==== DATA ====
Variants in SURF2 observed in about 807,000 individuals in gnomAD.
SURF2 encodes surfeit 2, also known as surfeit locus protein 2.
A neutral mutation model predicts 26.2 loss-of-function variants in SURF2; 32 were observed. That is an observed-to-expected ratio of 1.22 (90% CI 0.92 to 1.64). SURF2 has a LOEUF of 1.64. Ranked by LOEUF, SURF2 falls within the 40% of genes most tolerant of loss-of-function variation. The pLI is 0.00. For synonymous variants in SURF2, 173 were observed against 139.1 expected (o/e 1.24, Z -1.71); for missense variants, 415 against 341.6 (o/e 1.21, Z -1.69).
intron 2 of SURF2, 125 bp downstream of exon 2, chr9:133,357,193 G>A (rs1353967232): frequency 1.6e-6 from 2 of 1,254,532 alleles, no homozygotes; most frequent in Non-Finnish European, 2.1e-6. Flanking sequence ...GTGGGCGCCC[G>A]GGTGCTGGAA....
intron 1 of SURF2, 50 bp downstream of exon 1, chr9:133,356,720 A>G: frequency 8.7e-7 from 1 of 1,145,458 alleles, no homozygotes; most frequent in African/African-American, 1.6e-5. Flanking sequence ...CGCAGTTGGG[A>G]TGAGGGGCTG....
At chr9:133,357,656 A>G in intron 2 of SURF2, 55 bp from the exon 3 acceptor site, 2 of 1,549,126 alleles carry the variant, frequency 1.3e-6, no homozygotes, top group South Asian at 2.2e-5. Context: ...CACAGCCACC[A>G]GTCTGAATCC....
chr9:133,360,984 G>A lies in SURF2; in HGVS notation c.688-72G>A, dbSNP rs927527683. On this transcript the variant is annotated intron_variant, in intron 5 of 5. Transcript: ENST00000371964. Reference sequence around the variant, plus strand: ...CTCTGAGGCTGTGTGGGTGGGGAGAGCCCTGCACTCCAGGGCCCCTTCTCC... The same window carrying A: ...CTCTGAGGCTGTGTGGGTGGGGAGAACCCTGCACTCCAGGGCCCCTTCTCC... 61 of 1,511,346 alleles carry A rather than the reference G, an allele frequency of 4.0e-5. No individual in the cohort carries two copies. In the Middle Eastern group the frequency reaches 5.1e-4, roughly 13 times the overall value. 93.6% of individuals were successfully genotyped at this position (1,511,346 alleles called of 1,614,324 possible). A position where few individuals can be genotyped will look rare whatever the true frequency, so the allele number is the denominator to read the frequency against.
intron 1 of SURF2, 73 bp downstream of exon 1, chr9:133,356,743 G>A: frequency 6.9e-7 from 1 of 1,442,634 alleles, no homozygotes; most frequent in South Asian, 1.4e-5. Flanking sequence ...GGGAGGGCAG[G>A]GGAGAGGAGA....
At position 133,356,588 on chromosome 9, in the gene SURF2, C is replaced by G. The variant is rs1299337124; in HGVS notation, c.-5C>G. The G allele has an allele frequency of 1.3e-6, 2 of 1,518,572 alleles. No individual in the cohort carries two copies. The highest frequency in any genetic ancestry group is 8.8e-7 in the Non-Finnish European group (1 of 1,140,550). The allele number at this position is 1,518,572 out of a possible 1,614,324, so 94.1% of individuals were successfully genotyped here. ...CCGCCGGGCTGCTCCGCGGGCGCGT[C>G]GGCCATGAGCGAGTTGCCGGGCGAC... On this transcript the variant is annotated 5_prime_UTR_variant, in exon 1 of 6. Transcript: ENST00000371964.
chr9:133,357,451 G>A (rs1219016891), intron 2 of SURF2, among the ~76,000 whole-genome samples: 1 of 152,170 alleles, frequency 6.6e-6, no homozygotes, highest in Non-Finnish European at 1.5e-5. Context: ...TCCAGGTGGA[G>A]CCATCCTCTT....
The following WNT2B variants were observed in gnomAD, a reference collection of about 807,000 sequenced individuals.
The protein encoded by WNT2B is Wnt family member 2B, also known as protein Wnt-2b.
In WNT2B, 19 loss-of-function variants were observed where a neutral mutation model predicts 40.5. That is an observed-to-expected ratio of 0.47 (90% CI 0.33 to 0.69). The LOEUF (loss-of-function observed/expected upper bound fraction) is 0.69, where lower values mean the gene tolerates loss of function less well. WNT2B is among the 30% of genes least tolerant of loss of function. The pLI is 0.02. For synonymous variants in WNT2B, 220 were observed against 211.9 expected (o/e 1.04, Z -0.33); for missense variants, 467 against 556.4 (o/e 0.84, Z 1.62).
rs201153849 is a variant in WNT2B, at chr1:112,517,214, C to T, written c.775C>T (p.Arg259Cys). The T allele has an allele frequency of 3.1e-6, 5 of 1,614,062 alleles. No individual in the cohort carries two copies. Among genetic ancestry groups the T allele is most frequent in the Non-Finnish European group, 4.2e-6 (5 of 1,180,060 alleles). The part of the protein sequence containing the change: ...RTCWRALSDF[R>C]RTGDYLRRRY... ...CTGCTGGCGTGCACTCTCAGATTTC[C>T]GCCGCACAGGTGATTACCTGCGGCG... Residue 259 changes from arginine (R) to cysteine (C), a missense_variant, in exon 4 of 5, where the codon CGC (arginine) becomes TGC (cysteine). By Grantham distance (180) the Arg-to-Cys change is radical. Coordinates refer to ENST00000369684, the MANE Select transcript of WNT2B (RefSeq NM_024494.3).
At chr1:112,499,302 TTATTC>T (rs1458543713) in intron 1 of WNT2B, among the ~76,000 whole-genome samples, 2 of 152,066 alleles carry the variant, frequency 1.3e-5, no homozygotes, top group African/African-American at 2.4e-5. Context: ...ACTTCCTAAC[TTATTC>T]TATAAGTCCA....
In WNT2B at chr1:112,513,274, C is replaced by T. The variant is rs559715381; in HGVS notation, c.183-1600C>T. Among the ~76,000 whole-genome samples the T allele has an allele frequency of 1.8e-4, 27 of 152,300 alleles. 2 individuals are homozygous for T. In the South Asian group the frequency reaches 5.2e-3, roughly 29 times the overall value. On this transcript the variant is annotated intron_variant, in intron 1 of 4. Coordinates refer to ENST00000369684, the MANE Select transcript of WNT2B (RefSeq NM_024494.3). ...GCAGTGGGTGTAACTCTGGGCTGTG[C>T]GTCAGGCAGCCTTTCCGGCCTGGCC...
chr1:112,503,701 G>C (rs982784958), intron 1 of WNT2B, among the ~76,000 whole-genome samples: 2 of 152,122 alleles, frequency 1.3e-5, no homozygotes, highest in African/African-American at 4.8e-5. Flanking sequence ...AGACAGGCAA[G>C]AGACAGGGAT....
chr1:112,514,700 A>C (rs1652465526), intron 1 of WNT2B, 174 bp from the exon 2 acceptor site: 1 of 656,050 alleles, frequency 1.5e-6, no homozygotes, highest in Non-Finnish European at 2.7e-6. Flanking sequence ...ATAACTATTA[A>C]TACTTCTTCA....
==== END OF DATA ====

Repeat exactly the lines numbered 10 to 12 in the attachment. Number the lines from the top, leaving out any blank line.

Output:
chr9:133,357,451 G>A (rs1219016891), intron 2 of SURF2, among the ~76,000 whole-genome samples: 1 of 152,170 alleles, frequency 6.6e-6, no homozygotes, highest in Non-Finnish European at 1.5e-5. Context: ...TCCAGGTGGA[G>A]CCATCCTCTT....
The following WNT2B variants were observed in gnomAD, a reference collection of about 807,000 sequenced individuals.
The protein encoded by WNT2B is Wnt family member 2B, also known as protein Wnt-2b.